2. (SOS) Shiny Object Syndrome: I promised never to moan about sleep deprivation. Even when it’s counted in minutes; sleep interrupted by a smiley/crying/wet/hungry baby always has a redeeming feature. It’s downside is that my attention span is down to Didsbury Son’s level. Anything longer then eight minutes is a genuine struggle that needs something bright or noisy shaking to keep my eyes open.
Didsbury Wife pointed out to me that it takes about eight minutes for light to get to us from The Sun. I pointed out it takes approximately eight minutes to walk the pram once around Didsbury Park and then I nodded off.

3. Designer Milk- I never realised that babies projected milk with no warning and can reach a shoulder from 10 feet. Every single piece of clothing that I have has been tie-dyed with Aptamil.

The doctor seemed un-moved when I explained my predicament

The doctor seemed un-moved when I explained my predicament

4. Milk Neck- bibs are fine but there is always a missed trickle that comes to give you a sticky kiss when you pick up a baby to burp them.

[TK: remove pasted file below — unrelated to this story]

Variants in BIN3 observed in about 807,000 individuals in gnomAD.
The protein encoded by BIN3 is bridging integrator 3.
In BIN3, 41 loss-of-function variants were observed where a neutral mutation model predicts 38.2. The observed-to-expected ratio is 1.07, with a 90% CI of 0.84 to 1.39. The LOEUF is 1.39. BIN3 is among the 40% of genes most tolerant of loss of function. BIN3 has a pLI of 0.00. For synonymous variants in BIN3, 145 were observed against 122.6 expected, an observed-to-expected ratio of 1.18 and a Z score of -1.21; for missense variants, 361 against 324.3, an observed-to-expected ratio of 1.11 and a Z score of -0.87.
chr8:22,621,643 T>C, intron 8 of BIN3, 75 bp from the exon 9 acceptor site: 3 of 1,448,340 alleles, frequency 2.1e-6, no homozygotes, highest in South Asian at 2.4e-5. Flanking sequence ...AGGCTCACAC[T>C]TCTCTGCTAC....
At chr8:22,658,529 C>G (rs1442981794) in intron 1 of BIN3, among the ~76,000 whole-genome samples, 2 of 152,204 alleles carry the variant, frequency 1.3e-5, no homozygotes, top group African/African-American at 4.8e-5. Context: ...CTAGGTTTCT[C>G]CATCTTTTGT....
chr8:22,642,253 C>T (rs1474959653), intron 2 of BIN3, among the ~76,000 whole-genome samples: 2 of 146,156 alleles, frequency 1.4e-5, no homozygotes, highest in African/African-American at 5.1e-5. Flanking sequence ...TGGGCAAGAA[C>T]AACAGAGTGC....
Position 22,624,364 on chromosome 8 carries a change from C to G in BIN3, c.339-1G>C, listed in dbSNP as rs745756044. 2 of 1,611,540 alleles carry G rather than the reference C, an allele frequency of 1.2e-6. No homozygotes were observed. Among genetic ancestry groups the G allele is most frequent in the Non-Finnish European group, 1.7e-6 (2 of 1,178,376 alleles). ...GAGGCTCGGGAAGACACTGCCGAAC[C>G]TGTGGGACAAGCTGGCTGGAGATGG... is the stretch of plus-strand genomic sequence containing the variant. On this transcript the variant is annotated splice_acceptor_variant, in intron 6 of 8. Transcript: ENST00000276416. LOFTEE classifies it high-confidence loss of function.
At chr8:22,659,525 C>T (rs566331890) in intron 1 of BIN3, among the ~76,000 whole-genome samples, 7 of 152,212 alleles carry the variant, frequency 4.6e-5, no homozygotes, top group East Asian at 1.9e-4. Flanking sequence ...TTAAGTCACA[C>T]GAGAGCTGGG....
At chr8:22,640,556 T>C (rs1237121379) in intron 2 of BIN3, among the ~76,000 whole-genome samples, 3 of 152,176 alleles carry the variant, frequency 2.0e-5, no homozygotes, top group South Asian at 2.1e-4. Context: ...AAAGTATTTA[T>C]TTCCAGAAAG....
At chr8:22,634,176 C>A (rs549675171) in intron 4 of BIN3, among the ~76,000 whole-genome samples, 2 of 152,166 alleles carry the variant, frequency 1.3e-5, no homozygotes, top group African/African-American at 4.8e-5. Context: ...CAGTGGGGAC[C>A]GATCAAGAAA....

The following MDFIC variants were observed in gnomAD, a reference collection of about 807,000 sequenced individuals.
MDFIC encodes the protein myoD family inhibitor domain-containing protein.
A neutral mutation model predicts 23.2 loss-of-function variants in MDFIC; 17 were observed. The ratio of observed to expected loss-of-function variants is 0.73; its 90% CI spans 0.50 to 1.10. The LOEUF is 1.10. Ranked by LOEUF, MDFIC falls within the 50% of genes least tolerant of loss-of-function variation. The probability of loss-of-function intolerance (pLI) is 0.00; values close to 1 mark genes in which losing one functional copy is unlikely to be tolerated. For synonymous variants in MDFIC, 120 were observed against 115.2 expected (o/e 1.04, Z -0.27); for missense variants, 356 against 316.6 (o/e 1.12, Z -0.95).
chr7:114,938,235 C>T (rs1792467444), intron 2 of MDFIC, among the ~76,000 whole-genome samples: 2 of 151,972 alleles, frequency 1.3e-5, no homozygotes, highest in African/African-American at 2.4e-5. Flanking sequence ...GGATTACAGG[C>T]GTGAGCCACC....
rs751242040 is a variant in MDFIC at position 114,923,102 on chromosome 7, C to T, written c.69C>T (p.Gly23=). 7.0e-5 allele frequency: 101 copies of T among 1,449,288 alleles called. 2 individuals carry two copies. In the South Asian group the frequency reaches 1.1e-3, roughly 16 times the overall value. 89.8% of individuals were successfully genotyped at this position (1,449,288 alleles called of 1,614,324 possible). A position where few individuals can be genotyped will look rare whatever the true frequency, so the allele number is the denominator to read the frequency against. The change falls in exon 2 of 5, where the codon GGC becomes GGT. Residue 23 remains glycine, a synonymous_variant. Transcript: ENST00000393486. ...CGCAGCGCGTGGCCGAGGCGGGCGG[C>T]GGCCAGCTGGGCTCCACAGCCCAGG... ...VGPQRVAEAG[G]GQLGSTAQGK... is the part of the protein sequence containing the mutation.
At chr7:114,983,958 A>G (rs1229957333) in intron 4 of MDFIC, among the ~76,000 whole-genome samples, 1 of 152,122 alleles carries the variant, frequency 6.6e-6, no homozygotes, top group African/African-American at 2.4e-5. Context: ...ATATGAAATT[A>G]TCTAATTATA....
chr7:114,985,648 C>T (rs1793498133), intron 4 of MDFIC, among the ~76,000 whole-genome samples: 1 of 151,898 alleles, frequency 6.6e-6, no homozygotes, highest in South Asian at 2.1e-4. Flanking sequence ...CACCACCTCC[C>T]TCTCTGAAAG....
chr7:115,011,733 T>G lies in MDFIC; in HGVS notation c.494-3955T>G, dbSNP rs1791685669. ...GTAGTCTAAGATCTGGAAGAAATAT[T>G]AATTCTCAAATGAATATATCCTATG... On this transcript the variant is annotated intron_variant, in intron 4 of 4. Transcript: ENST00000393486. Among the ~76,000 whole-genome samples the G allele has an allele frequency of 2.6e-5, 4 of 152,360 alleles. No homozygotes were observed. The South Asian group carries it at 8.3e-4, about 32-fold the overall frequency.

5. Golfer’s Elbow – honestly, I have golfer’s elbow and a cortisone injection habit.  Apparently it is widespread. When I sheepishly admitted that it was painful, I was deluged by empathetic nods from fellow sufferers and  it opened a secret world to parental pain that again, no one tells you about when you’re expecting.

6. BootPov – I had wondered why Boots the Chemist had so many branches. Now I know. Every over parent of children under the age of… 30 knows that on birth you give Boots your blood group, PIN number and roughly 90% of your earnings and 50% of your overdraft. I now have enough Advantage points to buy almost a day’s worth of nappies.

These are only exacerbated by Pramrage, CHOCS (central heating overload causing sinusitis) and Shrunken World – even I realise that my daily happiness and schedule tightened by feeds and changes makes my conversation as dull as the lighting in the nursery at 3am and as shallow as the milk my baby boy leaves in a bottle after a feed.

Twins do not always grow at the same rate

Twins do not always grow at the same rate